A significant departure from the plan would see Losey moving the action from Los Angeles to Venice and the American detective changed to a fraudulent Welsh novelist. Baker's collusion accounted for the character change but the geography hinted at loftier ambitions and one requiring some practical assistance due to a hangover from Losey's American ban. It has been suggested that Baker and Losey employed the services of the London underworld to secure visas and permits to enter Italy and the name of Kray Twin acolyte Albert Dimes has been mentioned. The ends pursued indicate the ambitions both men had for the project. The title role would be played by leading French actress Jeanne Moreau, then an established name on the international circuit. Fresh from her success in Antonioni's "La Notte" and the career defining "Jules et Jim", Moreau would be cast as the demonic tormentor to Baker's man skating on thin ice. Courted for the role by Losey, the actress and director shared mutual respect and the triumvirate began filming with great hope.

Michel Legrand
Reluctantly granting the director his wishes, the Hakim's did however eschew the preferred choice of composer when Miles Davis' representatives requested a little more money than budgeted. Fortunately the Billie Holliday tunes and work of French composer Michel Legrand would give the film a sophisticated yet sleazy air perfectly in tune with the fractured personality splits of the lead characters. The main theme is a particularly fascinating piece. A quietly swinging trumpet riff backed by a small jazz group is suddenly broken by a sudden sheet of discordant harpsichords and a sound not unlike Bartok or Stravinsky. Legrand would go on to score "The Go-between" for Losey but it was this soundtrack that the director would go on to cite as his favourite musical score.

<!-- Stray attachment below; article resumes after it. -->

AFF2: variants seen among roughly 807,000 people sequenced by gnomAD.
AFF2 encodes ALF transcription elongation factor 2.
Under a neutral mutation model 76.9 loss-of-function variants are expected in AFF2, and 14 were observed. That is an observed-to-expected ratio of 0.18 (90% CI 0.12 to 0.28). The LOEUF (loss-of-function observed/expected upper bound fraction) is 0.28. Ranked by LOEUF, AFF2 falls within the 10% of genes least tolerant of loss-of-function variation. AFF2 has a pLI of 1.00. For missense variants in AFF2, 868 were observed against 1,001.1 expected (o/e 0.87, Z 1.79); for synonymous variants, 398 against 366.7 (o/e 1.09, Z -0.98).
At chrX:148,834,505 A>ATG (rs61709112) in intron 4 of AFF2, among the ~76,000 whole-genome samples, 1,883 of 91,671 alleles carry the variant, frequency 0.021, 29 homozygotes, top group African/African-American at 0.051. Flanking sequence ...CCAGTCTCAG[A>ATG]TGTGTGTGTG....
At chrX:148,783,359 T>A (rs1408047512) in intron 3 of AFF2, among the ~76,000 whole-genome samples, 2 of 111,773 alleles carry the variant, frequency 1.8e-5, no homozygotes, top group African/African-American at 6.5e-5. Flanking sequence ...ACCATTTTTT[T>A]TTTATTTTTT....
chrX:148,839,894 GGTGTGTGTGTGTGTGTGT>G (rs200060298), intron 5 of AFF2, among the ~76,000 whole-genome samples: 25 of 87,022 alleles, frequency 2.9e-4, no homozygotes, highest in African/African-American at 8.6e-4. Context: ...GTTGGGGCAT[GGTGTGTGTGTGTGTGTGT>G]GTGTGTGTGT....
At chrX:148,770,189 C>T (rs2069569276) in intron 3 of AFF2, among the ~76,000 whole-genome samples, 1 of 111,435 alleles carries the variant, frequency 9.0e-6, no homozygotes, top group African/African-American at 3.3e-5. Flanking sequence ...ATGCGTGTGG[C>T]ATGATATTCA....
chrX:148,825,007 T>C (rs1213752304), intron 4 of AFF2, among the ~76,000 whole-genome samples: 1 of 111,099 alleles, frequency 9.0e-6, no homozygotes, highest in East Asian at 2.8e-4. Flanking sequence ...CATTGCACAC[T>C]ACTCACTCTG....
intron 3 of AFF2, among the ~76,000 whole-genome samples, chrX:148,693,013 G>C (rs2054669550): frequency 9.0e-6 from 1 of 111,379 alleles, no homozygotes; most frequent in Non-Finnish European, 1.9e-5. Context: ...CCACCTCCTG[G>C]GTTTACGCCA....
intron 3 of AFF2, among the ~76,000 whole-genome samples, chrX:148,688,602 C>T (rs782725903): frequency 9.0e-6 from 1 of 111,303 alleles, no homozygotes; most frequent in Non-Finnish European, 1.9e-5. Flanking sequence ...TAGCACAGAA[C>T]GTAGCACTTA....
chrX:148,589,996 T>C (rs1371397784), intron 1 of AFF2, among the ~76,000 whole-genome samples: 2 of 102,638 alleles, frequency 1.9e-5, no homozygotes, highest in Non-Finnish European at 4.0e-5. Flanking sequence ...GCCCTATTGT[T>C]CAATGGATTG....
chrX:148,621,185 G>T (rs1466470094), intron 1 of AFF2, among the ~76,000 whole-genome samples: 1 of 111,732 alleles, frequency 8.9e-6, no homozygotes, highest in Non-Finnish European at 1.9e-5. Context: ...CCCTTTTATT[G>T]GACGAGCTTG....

In Stanley Baker's Tyvian Jones the morose Celtic division of faux machismo and brooding self-hatred is perfectly encapsulated. The films charts the self-investigation of a man who knows he is living a lie. "Stranger From Hell" the title of his dead brother's slice of life pulp-fiction, features his name on the spine and his photo on the jacket but it is only in the title that Tyvian finds the awful truth. Far off in the distance lies marriage to a beautiful fiancĂ© and a place in an establishment he can only dream about. But right before his eyes gaping cracks appear in an insecurity he is desperate to fill. This void is filled by Moreau's Eva, willing seductress through the necessity of earning money to live the life she must live. By turns childish and demonic, for Moreau it would be one of the finest performances of her career, her post-coital eyes staring balnkly through the smoke.

"Do you find me attractive?", she asks an exasperated Tyvian during one the film's many scences of desperate, doomed seduction.
"Mean...cruel...vicious...destructive", he answers.

Boasting stunning photography from Henri Decae, the film looked great too, painting a nocturnal Venice and scruffy Rome in dark forboding shades. Yet this darkness and the bitterness within the text would slip into the production like a spiked drink. Fact and fiction merged. Eva used her sex like a weapon and even disregarding Moreau's assertion of the time when she took a knife to the producers during an on-set dispute, a feeling of deep malevolence and violence hung over the whole venture. Scenes were fought over and planned budgets withdrawn. It spilled over into the action.